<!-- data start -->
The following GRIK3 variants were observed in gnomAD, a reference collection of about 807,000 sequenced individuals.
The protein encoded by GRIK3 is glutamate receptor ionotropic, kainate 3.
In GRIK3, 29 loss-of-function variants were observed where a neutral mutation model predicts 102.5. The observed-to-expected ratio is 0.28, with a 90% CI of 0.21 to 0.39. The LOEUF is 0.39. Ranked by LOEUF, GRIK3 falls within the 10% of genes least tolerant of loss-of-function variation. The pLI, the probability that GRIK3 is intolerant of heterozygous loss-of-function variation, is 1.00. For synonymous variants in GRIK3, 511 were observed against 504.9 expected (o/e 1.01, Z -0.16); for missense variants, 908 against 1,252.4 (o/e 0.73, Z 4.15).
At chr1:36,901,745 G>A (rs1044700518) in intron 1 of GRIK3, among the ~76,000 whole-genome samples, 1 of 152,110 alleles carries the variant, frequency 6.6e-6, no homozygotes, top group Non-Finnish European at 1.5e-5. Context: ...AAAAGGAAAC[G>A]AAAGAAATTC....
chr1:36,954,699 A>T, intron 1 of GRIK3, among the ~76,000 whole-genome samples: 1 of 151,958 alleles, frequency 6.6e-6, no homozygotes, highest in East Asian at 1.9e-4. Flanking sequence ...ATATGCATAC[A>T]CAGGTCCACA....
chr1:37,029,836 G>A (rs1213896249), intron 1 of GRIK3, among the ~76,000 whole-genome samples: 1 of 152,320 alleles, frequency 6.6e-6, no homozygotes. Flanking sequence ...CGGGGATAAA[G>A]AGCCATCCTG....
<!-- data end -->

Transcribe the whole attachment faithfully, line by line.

The following GRIK3 variants were observed in gnomAD, a reference collection of about 807,000 sequenced individuals.
The protein encoded by GRIK3 is glutamate receptor ionotropic, kainate 3.
In GRIK3, 29 loss-of-function variants were observed where a neutral mutation model predicts 102.5. The observed-to-expected ratio is 0.28, with a 90% CI of 0.21 to 0.39. The LOEUF is 0.39. Ranked by LOEUF, GRIK3 falls within the 10% of genes least tolerant of loss-of-function variation. The pLI, the probability that GRIK3 is intolerant of heterozygous loss-of-function variation, is 1.00. For synonymous variants in GRIK3, 511 were observed against 504.9 expected (o/e 1.01, Z -0.16); for missense variants, 908 against 1,252.4 (o/e 0.73, Z 4.15).
At chr1:36,901,745 G>A (rs1044700518) in intron 1 of GRIK3, among the ~76,000 whole-genome samples, 1 of 152,110 alleles carries the variant, frequency 6.6e-6, no homozygotes, top group Non-Finnish European at 1.5e-5. Context: ...AAAAGGAAAC[G>A]AAAGAAATTC....
chr1:36,954,699 A>T, intron 1 of GRIK3, among the ~76,000 whole-genome samples: 1 of 151,958 alleles, frequency 6.6e-6, no homozygotes, highest in East Asian at 1.9e-4. Flanking sequence ...ATATGCATAC[A>T]CAGGTCCACA....
chr1:37,029,836 G>A (rs1213896249), intron 1 of GRIK3, among the ~76,000 whole-genome samples: 1 of 152,320 alleles, frequency 6.6e-6, no homozygotes. Flanking sequence ...CGGGGATAAA[G>A]AGCCATCCTG....